Want to read one of the first reviews offered on Mitt Romney’s highly anticipated new political book? James R. Holland handily summarizes Romney’s instructive, solution-based reader: No Apology: The Case for American Greatness. Holland reveals that Romney offers ‘pretty decent’ solutions to today’s problems and is surprised by personal stories that evoked a few tears. Romney will be making the rounds on NBC’s “Today” show, ABC’s “The View”, Fox News Channel’s “Hannity” program, and CBS’s “Late Show with David Letterman” on March 2nd, the day of No Apology’s debut. If you haven’t pre-ordered your book, better hurry!
Can Mitt Romney Save America?
The answer to that question is why most readers will bother buying, borrowing or reading this book by the former Massachusetts Governor and 2008 Presidential primary candidate. In this time of national and international recession, the voters and affected non-voters around the world are looking for a leader who can actually solve the major emergencies facing America, freedom and capitalism itself.
As the son of a third generation American Immigrant whose family was run out of Mexico by Mexican revolutionaries angry with American expatriates, Mitt grew up as part of a family that worked themselves up from desperate poverty to live the American Dream. His father worked as a wall plasterer while he supported his family and worked his way through college. He eventually earned his way into the presidency of American Motor Corporation (AMC) and bet his house (or at least the money he’d made from selling his home) on the successful development of the Rambler compact car. He later became three-time governor of Michigan.
Mitt grew up in a family that had strong core values and he discusses those core values throughout this book. This reviewer actually met most of Mitt’s family including Gov. George Romney when Mitt ran an unsuccessful campaign for Senate in Massachusetts. The whole family was part of that campaign and the lessons they learned with that loss served Mitt well a few years later when he successfully won election for the Governorship of the Commonwealth of Massachusetts. Romney managed to do a good job managing that state even though he didn’t have enough Republican legislative votes to uphold a veto and therefore had to reach across the aisle to the Democrats controlling the State House in order to accomplish his agenda.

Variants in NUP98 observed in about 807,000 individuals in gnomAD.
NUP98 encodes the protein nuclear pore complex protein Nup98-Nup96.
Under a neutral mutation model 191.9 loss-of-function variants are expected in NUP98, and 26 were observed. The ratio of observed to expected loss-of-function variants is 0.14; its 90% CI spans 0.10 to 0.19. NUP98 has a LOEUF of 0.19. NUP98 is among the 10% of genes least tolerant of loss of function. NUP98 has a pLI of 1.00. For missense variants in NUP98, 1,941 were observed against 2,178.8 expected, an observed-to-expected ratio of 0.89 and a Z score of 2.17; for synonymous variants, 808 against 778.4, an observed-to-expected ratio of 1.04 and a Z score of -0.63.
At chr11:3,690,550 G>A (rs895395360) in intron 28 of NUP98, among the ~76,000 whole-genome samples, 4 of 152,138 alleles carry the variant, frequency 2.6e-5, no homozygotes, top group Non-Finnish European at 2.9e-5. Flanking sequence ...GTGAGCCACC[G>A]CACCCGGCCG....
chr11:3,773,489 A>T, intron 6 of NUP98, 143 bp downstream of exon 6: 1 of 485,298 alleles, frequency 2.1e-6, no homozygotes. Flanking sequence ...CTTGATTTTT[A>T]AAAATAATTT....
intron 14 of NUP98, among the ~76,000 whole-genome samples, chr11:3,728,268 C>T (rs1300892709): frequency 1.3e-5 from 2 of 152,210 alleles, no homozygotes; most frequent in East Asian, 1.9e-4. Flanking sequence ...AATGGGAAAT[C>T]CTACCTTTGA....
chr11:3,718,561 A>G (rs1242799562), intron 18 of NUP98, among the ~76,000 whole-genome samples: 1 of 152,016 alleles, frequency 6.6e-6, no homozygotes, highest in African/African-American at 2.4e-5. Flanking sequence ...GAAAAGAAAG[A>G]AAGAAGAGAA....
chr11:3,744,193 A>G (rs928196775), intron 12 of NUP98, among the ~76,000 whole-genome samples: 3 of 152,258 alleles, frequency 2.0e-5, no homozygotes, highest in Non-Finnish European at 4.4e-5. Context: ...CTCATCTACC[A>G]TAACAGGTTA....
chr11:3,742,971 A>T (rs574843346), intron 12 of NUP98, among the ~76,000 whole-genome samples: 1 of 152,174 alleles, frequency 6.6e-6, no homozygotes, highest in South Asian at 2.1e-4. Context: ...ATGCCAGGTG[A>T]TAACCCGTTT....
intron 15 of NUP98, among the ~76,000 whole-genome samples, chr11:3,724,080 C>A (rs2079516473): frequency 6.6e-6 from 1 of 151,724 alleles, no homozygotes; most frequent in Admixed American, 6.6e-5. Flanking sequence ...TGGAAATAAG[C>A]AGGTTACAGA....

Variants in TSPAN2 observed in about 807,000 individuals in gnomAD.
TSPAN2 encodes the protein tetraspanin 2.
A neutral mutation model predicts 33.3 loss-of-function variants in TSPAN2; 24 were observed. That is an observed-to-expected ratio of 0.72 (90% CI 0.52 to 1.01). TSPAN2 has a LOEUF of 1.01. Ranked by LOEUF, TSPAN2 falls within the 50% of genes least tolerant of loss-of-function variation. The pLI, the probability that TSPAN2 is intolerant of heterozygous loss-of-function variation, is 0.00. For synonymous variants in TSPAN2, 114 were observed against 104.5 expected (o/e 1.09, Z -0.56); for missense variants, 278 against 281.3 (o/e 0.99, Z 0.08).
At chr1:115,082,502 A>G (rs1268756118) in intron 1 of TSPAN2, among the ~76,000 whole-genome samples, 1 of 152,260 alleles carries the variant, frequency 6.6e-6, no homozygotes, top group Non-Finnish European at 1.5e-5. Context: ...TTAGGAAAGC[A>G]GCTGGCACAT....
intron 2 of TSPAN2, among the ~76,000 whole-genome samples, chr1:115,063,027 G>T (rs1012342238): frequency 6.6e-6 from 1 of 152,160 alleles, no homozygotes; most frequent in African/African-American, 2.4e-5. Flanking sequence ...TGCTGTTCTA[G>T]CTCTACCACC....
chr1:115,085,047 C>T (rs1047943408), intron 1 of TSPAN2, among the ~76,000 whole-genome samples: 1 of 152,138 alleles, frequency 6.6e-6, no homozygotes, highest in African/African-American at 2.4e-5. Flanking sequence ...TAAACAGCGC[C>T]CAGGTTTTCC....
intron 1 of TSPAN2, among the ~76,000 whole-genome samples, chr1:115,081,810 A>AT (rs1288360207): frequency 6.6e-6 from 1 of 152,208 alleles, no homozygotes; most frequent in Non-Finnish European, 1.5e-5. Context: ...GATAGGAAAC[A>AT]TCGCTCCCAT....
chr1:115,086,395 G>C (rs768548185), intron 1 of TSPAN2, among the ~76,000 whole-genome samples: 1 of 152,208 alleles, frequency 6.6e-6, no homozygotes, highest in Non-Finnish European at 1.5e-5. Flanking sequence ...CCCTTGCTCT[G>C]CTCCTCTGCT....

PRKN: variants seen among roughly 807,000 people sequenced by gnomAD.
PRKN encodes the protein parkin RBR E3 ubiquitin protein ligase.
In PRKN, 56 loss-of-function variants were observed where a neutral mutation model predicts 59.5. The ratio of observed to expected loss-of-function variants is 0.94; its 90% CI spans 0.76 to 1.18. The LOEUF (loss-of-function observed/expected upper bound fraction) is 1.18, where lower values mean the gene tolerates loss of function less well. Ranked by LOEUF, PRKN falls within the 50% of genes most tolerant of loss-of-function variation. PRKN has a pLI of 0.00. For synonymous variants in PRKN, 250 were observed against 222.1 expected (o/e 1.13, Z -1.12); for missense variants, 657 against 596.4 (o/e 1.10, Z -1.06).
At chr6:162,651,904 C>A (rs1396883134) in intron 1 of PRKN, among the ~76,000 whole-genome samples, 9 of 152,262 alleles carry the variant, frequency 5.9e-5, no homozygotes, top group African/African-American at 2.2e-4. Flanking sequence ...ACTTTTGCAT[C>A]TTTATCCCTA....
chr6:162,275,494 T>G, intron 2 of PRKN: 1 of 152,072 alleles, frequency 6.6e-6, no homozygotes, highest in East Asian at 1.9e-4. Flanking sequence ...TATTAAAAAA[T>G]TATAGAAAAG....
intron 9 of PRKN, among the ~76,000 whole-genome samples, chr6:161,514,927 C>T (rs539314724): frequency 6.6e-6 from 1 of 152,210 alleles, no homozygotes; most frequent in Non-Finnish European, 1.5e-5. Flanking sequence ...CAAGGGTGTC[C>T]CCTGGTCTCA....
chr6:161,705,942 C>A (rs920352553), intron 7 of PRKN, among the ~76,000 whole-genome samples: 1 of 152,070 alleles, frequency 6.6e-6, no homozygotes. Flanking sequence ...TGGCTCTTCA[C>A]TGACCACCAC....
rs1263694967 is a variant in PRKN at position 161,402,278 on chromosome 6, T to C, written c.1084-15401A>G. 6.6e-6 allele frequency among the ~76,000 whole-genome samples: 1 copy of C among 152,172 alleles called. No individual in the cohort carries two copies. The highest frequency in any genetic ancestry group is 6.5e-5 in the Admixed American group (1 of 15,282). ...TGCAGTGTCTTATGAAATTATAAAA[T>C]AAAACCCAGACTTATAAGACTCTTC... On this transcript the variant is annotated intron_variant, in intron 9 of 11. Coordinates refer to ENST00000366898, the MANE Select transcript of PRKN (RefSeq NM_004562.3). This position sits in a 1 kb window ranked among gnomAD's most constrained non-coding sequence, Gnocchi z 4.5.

Romney believes that if America becomes a victim of socialism that freedom throughout the world will be lost. If the nation is not careful, it will become a second rate world country–still strong enough to survive, but not strong enough to defend freedom anywhere else in the world.
“There are three pillars that sustain a free and strong America:
l. A Strong Economy
2. A Strong Military
3. A free and Strong People.”
Romney then provides an agenda for a free and strong America. His list of goals includes 64 separate items and even Romney admits that his is not a complete list of changes needed. Studying that agenda will provide the reader with a decent idea of how Romney would tackle the nation’s problems.
The book’s second chapter “Why Nations Decline” is also instructive.
The book examines many of the reasons for today’s problems and provides some pretty decent ideas about how to solve them. Romney also describes why many people prefer to live in denial of the facts and why in past civilizations that failure to face undeniable facts led to the destruction of those great civilizations.
In the book’s eleventh and last chapter this reader was surprised by some personal stories that brought tears to my eyes. Since I was reading while seated at the Prudential Center Food Court Terrace, it was a little embarrassing to suddenly find my eyes tearing up and salty streams trickling down my cheeks. That anything in this volume might require having tissues available was a total shock. Surprise, surprise, because the previous 99% of the book had been straight-forward logic and business-like explanations of Romney’s beliefs and ideas on how to solve the nation’s rapidly expanding and very dangerous problems, this ability to bring forth tears in an audience was enlightening.
… The man obvious isn’t just a cool-headed, unflappable, maybe sometimes seemingly unfeeling man; he is an experienced leader and is well schooled in the workings of Capitalism, industrial production and job producing economics. He is also amazingly well spoken and as Bostonians know, he used to sometimes substitute as a host on a popular conservative talk show in order to keep in touch with the Massachusetts public. He wasn’t afraid to talk to the general public, but he relished the opportunity that only talk radio provides for contact with typical voters. He loved that form of give and take communication.
This is a good read for this political genre. It will provide the information that many people will need to decide if years of leadership experience should triumph over hope.
Read more here.